You know those voracious bookworms who consume books at the rate of which, say, a sweating-heroin-smuggler-at-a-border-crossing’s heart does its pumping?* Okay, them and me stand at extreme opposites of the spectrum. These people—the readers, not the sweating-heroin-smugglers—average between 75-150 titles a year (some even go as far as 250), and how they manage is an enigma I’ll never dissect. And for the longest time, this frustrated me to no end. I’d often sit and obsess over how my list of read-books looks fantastically heartbreaking in comparison to a friend’s. Or how I’ll never catch up on my TBR pile. Of course, there is something inherently problematic about the scenario. I recognized that early on. But not until late last year have I figure it out. The problem lies not in my incapability to read fast; it lies in my self-invalidating because I cannot read fast.
So I want to read faster. But truth is I am a deliberate reader. This is a conscious choice for me. Like, I go from word to word. I don’t skip (which, to my surprise, others do). I keep track of quotations. I tend to reread certain passages I really felt, that resonated with me. And all these, I guess, contribute to why I read quite slowly. Because I do not imply that fast readers aren’t deliberate readers and neither is it the case. Some people I know can practically sell you a book they read and loved four years ago even if they devour books with the urgency with which I drink coffee. This whole business with books and reading is idiosyncratic: why we read, how we read, what we read, and speed is no different.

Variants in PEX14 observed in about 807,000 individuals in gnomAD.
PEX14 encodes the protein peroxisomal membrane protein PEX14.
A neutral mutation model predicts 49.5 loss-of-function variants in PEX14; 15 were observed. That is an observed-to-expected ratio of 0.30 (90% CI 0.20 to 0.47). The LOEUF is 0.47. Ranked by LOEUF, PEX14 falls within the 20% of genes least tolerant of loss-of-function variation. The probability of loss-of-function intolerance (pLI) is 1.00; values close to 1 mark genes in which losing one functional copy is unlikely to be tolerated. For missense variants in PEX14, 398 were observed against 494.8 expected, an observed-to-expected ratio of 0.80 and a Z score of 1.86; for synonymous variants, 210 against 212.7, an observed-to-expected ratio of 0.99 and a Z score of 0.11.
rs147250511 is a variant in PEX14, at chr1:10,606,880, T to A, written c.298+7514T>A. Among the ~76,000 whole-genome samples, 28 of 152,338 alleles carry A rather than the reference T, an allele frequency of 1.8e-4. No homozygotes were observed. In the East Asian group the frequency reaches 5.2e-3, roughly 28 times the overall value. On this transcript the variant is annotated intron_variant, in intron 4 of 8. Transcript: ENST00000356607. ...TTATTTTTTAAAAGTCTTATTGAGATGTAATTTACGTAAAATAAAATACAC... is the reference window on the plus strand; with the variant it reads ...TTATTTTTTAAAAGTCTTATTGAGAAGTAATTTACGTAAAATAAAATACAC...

On a larger scale, I decided, my dilemma touches a universal book nerd problem. Because there is so much self-inflicted judgments out there. “I feel like I need to read the classics.” “Oh, I should start reading more literary fiction.” “I have to read Author X because Reason A.” “I cannot consider myself a book nerd because I read less than 50 books a year.” I tick somewhere in between 30-40 books a year and I’m done being ashamed of it. I own my Slow Reader-ness. I still thrive to read faster but I’m more aware now of what I want to get from the experience as opposed to just piling up titles on my Goodreads shelves.
Do I still want to read faster? Yes. Am I willing to sacrifice any of the contributing factors I mentioned above? I don’t think so. At least not at this point in my reading life. But kudos to Team Read Faster and those who actively seek ways to improve their reading speed! Because it is a truth universally acknowledged that there are a lot—and by “a lot” I mean A LOT—of amazing new releases every month, heck, that’s not even counting the backlists. So read more. Read harder. Read diversely. Read faster. But, ultimately, enjoy the process.
NOTE: This blog entry is inspired by the latest episode of Dear Book Nerd, The Need for Speed. If you haven’t already, go check out this podcast because it’s always interesting and often illuminating (or self-revealing?) and Rita Meade, the host, just has a lovely voice and personality.
Now let’s talk. Are you a slow or a fast reader? If, like me, you read slow, do you see high-volume novels as daunting? What was the longest one you’ve read in terms of page count? Or if you’re the opposite, do you constantly try to improve yourself or is it more of a natural thing? And to you, fellow book reviewer, do you take notes while reading? Does this greatly affect your reading speed? I’m really interested to hear from you!
*Well, yeah, I can never not make a Winger reference.